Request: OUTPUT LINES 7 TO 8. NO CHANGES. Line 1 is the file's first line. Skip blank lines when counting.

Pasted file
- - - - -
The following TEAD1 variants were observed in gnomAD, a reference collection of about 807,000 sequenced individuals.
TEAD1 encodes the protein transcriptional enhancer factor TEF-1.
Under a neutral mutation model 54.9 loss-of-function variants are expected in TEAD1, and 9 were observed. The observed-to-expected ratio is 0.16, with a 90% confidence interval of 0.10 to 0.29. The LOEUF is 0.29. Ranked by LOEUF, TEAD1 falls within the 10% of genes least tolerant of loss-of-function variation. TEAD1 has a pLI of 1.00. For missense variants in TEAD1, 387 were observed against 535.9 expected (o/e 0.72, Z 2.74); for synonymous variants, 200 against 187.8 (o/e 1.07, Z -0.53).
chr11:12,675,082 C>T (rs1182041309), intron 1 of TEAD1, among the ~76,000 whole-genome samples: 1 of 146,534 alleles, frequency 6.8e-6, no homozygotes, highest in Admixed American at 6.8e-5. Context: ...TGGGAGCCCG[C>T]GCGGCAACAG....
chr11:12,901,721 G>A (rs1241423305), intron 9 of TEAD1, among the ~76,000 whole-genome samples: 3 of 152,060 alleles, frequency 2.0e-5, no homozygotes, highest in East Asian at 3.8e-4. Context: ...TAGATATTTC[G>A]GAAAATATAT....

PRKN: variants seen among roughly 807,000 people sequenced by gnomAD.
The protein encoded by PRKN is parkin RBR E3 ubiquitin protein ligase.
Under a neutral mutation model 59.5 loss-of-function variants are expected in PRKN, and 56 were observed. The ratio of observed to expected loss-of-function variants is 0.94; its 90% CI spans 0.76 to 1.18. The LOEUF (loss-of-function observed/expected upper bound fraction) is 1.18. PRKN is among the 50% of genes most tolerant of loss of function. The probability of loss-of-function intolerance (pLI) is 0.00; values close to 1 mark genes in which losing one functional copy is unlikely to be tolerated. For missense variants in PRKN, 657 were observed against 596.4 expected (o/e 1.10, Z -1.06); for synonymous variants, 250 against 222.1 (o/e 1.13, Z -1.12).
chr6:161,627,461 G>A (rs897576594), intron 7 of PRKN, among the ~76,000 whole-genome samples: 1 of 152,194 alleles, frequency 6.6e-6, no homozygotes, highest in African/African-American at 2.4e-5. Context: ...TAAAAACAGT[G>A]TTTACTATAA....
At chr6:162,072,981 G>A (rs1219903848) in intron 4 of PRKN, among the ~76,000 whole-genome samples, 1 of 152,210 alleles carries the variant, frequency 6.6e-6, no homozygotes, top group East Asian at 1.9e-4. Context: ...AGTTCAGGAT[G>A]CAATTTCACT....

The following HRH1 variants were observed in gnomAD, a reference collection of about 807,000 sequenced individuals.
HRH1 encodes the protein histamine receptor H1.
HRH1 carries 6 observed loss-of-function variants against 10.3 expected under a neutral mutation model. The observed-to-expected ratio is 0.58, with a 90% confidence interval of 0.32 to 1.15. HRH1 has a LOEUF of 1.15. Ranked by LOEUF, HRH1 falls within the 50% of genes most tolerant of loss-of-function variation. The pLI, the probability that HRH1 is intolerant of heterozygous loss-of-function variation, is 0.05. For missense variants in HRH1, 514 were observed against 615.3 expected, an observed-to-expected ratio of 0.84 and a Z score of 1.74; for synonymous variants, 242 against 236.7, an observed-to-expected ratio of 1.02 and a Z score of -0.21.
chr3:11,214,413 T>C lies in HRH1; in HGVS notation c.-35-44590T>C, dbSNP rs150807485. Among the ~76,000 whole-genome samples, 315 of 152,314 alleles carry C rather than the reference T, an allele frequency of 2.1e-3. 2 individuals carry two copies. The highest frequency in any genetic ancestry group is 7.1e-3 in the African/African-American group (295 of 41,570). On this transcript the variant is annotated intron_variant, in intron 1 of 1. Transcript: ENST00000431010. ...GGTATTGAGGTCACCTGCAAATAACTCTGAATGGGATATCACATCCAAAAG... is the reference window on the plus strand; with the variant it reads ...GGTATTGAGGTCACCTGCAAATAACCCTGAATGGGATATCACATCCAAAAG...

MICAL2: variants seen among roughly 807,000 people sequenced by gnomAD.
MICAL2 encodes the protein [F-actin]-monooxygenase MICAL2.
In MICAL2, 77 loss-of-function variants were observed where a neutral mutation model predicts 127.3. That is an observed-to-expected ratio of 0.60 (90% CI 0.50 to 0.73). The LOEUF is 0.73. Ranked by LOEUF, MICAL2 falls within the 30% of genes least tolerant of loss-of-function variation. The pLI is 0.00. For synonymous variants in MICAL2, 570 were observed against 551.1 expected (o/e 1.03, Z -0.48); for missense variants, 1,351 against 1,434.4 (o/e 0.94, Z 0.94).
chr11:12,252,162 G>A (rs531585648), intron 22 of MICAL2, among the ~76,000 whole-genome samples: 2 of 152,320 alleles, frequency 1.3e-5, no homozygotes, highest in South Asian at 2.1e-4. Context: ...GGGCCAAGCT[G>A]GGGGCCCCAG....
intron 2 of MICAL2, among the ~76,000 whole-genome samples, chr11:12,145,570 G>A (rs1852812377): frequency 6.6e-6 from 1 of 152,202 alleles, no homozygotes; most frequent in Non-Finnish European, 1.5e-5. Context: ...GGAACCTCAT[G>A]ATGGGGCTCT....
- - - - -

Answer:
The protein encoded by PRKN is parkin RBR E3 ubiquitin protein ligase.
Under a neutral mutation model 59.5 loss-of-function variants are expected in PRKN, and 56 were observed. The ratio of observed to expected loss-of-function variants is 0.94; its 90% CI spans 0.76 to 1.18. The LOEUF (loss-of-function observed/expected upper bound fraction) is 1.18. PRKN is among the 50% of genes most tolerant of loss of function. The probability of loss-of-function intolerance (pLI) is 0.00; values close to 1 mark genes in which losing one functional copy is unlikely to be tolerated. For missense variants in PRKN, 657 were observed against 596.4 expected (o/e 1.10, Z -1.06); for synonymous variants, 250 against 222.1 (o/e 1.13, Z -1.12).